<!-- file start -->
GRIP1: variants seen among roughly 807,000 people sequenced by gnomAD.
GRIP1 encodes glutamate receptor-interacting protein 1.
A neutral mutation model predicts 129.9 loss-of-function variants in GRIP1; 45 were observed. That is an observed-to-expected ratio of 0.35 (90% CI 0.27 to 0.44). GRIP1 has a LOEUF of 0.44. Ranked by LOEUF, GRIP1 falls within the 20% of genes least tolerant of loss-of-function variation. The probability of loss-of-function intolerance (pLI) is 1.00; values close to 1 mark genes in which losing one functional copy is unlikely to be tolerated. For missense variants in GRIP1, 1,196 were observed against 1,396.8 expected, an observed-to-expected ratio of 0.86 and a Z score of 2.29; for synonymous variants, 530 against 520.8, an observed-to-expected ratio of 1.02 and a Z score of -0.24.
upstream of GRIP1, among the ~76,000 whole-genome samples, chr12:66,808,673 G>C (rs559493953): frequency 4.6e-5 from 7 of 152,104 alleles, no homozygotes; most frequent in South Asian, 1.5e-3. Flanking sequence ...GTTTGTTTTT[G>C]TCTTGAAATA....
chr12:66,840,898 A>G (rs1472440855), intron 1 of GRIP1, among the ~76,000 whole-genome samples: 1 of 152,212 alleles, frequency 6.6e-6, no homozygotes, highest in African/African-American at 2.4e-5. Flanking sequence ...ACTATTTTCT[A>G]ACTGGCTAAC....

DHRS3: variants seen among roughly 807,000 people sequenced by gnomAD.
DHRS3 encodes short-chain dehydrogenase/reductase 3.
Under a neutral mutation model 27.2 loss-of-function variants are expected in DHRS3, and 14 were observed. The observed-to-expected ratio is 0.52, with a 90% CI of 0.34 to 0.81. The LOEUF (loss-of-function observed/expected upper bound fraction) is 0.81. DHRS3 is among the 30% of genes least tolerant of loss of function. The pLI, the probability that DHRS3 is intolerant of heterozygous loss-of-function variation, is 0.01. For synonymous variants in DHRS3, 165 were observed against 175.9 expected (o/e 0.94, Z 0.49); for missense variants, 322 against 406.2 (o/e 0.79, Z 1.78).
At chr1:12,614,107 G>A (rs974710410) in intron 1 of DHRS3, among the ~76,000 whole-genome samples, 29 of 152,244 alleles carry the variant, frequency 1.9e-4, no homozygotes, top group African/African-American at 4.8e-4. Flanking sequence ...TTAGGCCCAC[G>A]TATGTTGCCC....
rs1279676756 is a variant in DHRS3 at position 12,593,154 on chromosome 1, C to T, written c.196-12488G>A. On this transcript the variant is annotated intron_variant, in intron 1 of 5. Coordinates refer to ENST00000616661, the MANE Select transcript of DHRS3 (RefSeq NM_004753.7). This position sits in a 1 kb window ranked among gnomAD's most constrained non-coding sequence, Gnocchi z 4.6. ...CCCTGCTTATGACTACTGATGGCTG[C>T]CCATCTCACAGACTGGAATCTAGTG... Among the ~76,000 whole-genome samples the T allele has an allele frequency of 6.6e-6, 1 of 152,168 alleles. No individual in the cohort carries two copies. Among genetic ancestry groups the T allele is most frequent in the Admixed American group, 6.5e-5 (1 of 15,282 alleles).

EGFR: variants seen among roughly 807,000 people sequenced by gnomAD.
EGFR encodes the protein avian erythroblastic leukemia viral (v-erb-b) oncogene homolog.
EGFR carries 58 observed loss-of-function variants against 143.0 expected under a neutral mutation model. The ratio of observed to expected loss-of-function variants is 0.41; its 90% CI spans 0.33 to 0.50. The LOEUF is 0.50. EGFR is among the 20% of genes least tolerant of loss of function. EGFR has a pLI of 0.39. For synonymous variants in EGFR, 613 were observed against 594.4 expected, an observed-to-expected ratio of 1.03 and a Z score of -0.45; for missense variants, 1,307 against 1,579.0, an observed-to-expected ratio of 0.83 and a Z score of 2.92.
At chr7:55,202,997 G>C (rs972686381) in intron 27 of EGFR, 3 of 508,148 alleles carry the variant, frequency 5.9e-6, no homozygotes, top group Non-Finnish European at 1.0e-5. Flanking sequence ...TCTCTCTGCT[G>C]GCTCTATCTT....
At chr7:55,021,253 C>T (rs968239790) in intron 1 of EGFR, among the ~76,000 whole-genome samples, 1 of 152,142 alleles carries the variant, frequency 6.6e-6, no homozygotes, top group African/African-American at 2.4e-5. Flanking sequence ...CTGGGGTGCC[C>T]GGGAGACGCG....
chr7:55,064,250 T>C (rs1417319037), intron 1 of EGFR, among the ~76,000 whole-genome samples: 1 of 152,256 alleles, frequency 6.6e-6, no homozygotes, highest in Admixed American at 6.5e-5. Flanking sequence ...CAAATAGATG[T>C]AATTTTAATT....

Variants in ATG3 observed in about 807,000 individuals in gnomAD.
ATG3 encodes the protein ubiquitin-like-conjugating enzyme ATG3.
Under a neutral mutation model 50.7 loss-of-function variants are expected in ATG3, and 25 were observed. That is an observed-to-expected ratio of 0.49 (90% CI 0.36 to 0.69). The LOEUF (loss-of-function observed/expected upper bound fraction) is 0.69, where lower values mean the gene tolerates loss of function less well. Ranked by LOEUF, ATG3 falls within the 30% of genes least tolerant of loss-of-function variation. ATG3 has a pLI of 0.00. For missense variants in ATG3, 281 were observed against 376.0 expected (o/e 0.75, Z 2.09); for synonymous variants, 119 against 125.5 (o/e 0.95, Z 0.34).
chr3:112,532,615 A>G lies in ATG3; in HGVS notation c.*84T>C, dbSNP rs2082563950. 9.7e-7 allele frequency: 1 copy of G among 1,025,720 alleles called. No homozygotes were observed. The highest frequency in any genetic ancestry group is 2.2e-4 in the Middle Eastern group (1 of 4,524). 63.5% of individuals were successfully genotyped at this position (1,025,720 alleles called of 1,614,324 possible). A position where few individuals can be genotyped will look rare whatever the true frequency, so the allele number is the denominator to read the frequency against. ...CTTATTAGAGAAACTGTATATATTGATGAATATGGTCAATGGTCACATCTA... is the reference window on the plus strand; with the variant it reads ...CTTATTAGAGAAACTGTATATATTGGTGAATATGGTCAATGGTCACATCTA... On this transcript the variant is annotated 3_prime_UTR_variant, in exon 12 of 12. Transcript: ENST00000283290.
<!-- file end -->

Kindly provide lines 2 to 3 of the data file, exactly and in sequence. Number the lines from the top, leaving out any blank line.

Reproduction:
GRIP1 encodes glutamate receptor-interacting protein 1.
A neutral mutation model predicts 129.9 loss-of-function variants in GRIP1; 45 were observed. That is an observed-to-expected ratio of 0.35 (90% CI 0.27 to 0.44). GRIP1 has a LOEUF of 0.44. Ranked by LOEUF, GRIP1 falls within the 20% of genes least tolerant of loss-of-function variation. The probability of loss-of-function intolerance (pLI) is 1.00; values close to 1 mark genes in which losing one functional copy is unlikely to be tolerated. For missense variants in GRIP1, 1,196 were observed against 1,396.8 expected, an observed-to-expected ratio of 0.86 and a Z score of 2.29; for synonymous variants, 530 against 520.8, an observed-to-expected ratio of 1.02 and a Z score of -0.24.